When You Reach Me
How we cite our quotes:
It was Richard who taught me how to tie knots. He learned back when he sailed boats as a kid, and he still carries pieces of rope in his briefcase. He says that when he's trying to solve a problem at work, he takes out the ropes, ties them into knots, unties them, and then ties them again. It gets him in the right frame of mind. (6.3)
The knot is a recurring image in this book. What does it mean to Miranda? How does Miranda use knots?
"Einstein says common sense is just habit of thought. It's how we're used to thinking about things, but a lot of the time it just gets in the way."
"In the way of what?"
"In the way of what's true." (14.62-64)
Miranda is using common sense, but Marcus is using Einstein. Here he argues that his understanding of time may not make sense to Miranda, but that doesn't mean it's not true. The truth is more complicated than the way we might commonly understand it to be. Do you agree with Marcus?
Mom says each of us has a veil between ourselves and the rest of the world, like a bride wears on her wedding day, except this kind of veil is invisible. We walk around happily with these invisible veils hanging down over our faces. The world is kind of blurry, and we like it that way.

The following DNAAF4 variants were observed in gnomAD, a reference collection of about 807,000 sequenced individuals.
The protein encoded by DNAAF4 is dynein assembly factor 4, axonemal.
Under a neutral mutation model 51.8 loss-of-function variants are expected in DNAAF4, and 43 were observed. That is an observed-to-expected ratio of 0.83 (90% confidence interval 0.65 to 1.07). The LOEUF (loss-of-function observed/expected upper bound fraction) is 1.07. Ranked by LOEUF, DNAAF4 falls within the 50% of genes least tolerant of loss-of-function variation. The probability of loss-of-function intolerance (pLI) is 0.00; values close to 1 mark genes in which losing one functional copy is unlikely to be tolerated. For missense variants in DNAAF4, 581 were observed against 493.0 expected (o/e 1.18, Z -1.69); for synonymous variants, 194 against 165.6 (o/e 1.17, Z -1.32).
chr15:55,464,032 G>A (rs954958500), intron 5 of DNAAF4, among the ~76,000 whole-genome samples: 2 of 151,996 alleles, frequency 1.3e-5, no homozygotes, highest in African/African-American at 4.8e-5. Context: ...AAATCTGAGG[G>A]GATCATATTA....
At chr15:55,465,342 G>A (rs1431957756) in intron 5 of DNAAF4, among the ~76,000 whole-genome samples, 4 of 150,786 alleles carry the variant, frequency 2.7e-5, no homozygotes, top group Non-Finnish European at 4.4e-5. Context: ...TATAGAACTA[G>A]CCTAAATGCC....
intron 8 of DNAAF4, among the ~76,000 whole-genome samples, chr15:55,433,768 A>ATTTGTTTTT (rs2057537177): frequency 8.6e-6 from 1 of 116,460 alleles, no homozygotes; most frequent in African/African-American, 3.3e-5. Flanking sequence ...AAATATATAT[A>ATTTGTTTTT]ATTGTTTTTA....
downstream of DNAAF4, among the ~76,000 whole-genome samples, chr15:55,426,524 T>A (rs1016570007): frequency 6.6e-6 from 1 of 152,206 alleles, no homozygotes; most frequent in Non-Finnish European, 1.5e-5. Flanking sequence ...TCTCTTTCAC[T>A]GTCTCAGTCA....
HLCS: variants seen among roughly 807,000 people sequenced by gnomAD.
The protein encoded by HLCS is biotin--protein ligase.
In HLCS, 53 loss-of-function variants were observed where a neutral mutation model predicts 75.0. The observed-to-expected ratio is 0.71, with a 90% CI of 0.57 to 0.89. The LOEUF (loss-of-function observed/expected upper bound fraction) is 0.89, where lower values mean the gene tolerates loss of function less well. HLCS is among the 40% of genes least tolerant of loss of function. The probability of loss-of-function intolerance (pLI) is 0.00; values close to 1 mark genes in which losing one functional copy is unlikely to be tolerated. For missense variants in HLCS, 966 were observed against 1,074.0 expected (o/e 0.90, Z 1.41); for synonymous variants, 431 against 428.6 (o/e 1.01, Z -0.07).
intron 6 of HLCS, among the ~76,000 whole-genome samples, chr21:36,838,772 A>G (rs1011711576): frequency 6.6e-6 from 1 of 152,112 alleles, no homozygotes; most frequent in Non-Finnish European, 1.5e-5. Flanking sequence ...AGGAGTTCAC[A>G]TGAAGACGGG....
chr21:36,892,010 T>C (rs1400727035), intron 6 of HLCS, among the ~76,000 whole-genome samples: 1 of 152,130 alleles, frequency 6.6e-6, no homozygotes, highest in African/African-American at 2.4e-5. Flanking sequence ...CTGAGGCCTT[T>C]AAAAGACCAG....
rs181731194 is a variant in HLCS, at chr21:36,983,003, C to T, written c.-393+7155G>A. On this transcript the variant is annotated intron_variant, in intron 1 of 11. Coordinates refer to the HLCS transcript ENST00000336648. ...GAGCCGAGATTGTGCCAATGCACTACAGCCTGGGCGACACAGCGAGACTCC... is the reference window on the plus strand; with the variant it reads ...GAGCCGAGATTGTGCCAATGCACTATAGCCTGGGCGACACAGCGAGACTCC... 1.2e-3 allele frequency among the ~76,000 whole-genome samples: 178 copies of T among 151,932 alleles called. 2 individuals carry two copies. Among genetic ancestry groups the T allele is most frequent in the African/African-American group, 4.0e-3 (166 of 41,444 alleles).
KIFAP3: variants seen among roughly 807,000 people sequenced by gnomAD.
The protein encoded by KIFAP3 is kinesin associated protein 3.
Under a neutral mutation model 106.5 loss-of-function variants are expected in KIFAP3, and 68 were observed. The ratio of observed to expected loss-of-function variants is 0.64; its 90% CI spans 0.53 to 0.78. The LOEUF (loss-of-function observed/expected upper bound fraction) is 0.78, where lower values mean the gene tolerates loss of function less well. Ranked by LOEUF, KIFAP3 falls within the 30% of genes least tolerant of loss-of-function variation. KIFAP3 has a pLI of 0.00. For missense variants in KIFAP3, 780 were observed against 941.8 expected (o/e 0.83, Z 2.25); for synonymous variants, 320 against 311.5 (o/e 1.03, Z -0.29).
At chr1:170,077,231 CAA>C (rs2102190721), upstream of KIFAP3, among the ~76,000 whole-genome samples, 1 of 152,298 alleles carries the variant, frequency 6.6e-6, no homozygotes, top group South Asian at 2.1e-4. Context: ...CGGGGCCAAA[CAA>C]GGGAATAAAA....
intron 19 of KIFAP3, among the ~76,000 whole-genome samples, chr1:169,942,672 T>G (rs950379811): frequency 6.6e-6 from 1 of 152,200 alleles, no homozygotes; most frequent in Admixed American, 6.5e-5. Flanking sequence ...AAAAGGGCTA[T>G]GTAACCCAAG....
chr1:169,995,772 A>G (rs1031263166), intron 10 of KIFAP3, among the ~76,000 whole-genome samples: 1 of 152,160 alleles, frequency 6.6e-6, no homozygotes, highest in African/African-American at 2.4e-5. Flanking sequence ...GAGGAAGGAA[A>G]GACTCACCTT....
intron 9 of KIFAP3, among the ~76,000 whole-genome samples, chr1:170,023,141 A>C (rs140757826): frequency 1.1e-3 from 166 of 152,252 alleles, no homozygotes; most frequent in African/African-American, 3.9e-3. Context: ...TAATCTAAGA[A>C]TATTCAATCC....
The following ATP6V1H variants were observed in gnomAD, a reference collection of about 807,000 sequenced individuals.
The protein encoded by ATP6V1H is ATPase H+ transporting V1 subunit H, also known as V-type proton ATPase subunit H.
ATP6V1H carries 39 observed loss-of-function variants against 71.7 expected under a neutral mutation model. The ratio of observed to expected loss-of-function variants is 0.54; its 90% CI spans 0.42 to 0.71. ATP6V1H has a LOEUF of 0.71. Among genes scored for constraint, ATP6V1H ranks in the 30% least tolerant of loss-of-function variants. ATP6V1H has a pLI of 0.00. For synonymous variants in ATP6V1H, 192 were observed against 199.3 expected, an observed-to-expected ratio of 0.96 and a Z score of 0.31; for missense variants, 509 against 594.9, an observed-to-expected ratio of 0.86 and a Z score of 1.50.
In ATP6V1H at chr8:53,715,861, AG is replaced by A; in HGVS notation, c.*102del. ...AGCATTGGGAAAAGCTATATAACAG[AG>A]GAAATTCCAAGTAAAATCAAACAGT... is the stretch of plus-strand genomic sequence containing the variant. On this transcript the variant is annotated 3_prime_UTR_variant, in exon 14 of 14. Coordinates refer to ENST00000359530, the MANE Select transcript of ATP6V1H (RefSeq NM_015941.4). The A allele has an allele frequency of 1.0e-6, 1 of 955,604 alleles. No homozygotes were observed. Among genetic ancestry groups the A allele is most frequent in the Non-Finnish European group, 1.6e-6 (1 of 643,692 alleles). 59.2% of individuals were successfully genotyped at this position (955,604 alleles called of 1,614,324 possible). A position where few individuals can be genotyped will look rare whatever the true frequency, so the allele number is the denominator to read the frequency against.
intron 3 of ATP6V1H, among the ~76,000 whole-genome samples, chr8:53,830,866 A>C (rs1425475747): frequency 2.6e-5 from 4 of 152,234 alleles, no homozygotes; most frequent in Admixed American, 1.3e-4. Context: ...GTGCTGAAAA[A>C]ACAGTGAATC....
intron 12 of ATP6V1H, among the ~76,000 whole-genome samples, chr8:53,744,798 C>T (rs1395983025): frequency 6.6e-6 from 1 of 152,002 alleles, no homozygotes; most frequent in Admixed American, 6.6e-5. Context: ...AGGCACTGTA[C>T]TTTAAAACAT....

But sometimes our veils are pushed away for a few moments, like there's a wind blowing it from our faces. And when the veil lifts, we can see the world as it really is, just for those few seconds before it settles down again. We see all the beauty, and cruelty, and sadness, and love. But mostly we are happy not to. Some people learn to lift the veil themselves. Then they don't have to depend on the wind anymore. (21.3)
Miranda's mom believes that we are all capable of seeing the true nature of things – if we only can lift the veil. How does Miranda lift the veil? Who was born without a veil, according to Miranda?